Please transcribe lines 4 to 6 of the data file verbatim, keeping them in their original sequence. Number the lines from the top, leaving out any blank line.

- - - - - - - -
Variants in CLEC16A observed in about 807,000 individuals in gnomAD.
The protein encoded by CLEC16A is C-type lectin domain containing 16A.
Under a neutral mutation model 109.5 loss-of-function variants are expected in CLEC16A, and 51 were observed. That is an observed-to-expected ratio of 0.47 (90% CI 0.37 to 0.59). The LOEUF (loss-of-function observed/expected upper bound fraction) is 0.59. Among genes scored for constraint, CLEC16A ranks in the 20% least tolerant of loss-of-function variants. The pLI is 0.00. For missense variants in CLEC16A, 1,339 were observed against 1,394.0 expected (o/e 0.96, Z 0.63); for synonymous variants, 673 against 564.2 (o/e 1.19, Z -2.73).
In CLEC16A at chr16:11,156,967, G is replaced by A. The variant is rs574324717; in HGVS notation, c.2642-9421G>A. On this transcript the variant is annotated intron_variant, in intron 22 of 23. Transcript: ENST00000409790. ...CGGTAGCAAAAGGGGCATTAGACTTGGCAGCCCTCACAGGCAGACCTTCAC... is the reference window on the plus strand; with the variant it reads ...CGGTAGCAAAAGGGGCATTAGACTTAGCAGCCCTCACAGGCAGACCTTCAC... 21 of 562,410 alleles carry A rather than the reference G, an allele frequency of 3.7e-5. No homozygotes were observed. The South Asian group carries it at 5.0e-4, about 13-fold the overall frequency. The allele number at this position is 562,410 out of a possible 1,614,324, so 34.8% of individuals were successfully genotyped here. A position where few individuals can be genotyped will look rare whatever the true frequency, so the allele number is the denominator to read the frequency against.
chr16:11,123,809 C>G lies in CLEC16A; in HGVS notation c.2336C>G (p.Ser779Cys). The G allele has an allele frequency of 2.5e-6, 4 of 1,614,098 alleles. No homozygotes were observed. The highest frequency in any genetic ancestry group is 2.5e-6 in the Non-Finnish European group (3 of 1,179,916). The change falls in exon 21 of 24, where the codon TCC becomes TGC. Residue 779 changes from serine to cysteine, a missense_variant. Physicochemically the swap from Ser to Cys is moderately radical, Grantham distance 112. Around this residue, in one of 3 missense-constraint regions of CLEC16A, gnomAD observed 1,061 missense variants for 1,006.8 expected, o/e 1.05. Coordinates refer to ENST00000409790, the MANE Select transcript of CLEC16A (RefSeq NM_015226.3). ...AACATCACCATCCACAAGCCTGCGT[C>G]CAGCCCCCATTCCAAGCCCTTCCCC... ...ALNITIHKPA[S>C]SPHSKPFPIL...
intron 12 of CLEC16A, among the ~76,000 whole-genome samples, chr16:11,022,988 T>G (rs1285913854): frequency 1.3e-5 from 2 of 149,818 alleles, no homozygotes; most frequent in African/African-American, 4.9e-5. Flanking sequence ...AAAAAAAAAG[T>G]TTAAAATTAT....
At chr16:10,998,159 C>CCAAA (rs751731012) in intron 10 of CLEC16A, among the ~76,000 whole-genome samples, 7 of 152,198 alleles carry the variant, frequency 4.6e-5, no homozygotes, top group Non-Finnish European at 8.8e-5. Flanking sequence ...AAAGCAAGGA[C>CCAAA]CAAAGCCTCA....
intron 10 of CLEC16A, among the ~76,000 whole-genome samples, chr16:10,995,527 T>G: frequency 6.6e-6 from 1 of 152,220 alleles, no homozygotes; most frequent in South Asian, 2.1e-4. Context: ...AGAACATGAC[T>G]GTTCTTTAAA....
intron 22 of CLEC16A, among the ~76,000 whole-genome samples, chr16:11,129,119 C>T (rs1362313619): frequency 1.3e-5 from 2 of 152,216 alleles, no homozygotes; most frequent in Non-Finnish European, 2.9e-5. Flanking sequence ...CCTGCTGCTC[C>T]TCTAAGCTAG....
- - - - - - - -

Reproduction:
In CLEC16A at chr16:11,156,967, G is replaced by A. The variant is rs574324717; in HGVS notation, c.2642-9421G>A. On this transcript the variant is annotated intron_variant, in intron 22 of 23. Transcript: ENST00000409790. ...CGGTAGCAAAAGGGGCATTAGACTTGGCAGCCCTCACAGGCAGACCTTCAC... is the reference window on the plus strand; with the variant it reads ...CGGTAGCAAAAGGGGCATTAGACTTAGCAGCCCTCACAGGCAGACCTTCAC... 21 of 562,410 alleles carry A rather than the reference G, an allele frequency of 3.7e-5. No homozygotes were observed. The South Asian group carries it at 5.0e-4, about 13-fold the overall frequency. The allele number at this position is 562,410 out of a possible 1,614,324, so 34.8% of individuals were successfully genotyped here. A position where few individuals can be genotyped will look rare whatever the true frequency, so the allele number is the denominator to read the frequency against.
chr16:11,123,809 C>G lies in CLEC16A; in HGVS notation c.2336C>G (p.Ser779Cys). The G allele has an allele frequency of 2.5e-6, 4 of 1,614,098 alleles. No homozygotes were observed. The highest frequency in any genetic ancestry group is 2.5e-6 in the Non-Finnish European group (3 of 1,179,916). The change falls in exon 21 of 24, where the codon TCC becomes TGC. Residue 779 changes from serine to cysteine, a missense_variant. Physicochemically the swap from Ser to Cys is moderately radical, Grantham distance 112. Around this residue, in one of 3 missense-constraint regions of CLEC16A, gnomAD observed 1,061 missense variants for 1,006.8 expected, o/e 1.05. Coordinates refer to ENST00000409790, the MANE Select transcript of CLEC16A (RefSeq NM_015226.3). ...AACATCACCATCCACAAGCCTGCGT[C>G]CAGCCCCCATTCCAAGCCCTTCCCC... ...ALNITIHKPA[S>C]SPHSKPFPIL...
intron 12 of CLEC16A, among the ~76,000 whole-genome samples, chr16:11,022,988 T>G (rs1285913854): frequency 1.3e-5 from 2 of 149,818 alleles, no homozygotes; most frequent in African/African-American, 4.9e-5. Flanking sequence ...AAAAAAAAAG[T>G]TTAAAATTAT....